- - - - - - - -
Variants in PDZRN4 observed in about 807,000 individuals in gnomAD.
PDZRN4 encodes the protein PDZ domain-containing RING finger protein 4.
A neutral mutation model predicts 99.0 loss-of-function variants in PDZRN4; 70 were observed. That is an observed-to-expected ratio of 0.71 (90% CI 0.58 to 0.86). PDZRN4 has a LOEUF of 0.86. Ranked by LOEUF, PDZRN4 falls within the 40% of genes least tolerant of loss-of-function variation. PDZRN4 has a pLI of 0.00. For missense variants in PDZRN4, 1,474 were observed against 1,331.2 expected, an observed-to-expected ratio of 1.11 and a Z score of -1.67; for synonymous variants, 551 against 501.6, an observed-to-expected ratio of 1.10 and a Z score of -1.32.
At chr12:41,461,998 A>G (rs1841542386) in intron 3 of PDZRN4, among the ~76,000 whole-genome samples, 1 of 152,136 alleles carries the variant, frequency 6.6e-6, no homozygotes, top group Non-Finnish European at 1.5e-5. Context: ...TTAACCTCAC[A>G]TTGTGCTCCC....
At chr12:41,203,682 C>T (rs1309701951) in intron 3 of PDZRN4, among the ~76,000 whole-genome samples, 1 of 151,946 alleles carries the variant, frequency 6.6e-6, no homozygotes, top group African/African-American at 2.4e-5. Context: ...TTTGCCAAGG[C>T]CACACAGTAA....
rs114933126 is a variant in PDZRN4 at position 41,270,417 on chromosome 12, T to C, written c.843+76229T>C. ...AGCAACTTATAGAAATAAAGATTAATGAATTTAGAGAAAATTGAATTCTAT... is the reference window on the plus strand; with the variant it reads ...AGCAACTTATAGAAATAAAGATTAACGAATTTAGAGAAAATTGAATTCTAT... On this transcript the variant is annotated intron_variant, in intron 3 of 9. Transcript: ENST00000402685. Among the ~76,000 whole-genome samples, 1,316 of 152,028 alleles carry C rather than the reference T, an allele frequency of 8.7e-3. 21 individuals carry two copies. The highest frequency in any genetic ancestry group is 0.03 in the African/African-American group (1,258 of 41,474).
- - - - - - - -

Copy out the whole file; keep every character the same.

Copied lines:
Variants in PDZRN4 observed in about 807,000 individuals in gnomAD.
PDZRN4 encodes the protein PDZ domain-containing RING finger protein 4.
A neutral mutation model predicts 99.0 loss-of-function variants in PDZRN4; 70 were observed. That is an observed-to-expected ratio of 0.71 (90% CI 0.58 to 0.86). PDZRN4 has a LOEUF of 0.86. Ranked by LOEUF, PDZRN4 falls within the 40% of genes least tolerant of loss-of-function variation. PDZRN4 has a pLI of 0.00. For missense variants in PDZRN4, 1,474 were observed against 1,331.2 expected, an observed-to-expected ratio of 1.11 and a Z score of -1.67; for synonymous variants, 551 against 501.6, an observed-to-expected ratio of 1.10 and a Z score of -1.32.
At chr12:41,461,998 A>G (rs1841542386) in intron 3 of PDZRN4, among the ~76,000 whole-genome samples, 1 of 152,136 alleles carries the variant, frequency 6.6e-6, no homozygotes, top group Non-Finnish European at 1.5e-5. Context: ...TTAACCTCAC[A>G]TTGTGCTCCC....
At chr12:41,203,682 C>T (rs1309701951) in intron 3 of PDZRN4, among the ~76,000 whole-genome samples, 1 of 151,946 alleles carries the variant, frequency 6.6e-6, no homozygotes, top group African/African-American at 2.4e-5. Context: ...TTTGCCAAGG[C>T]CACACAGTAA....
rs114933126 is a variant in PDZRN4 at position 41,270,417 on chromosome 12, T to C, written c.843+76229T>C. ...AGCAACTTATAGAAATAAAGATTAATGAATTTAGAGAAAATTGAATTCTAT... is the reference window on the plus strand; with the variant it reads ...AGCAACTTATAGAAATAAAGATTAACGAATTTAGAGAAAATTGAATTCTAT... On this transcript the variant is annotated intron_variant, in intron 3 of 9. Transcript: ENST00000402685. Among the ~76,000 whole-genome samples, 1,316 of 152,028 alleles carry C rather than the reference T, an allele frequency of 8.7e-3. 21 individuals carry two copies. The highest frequency in any genetic ancestry group is 0.03 in the African/African-American group (1,258 of 41,474).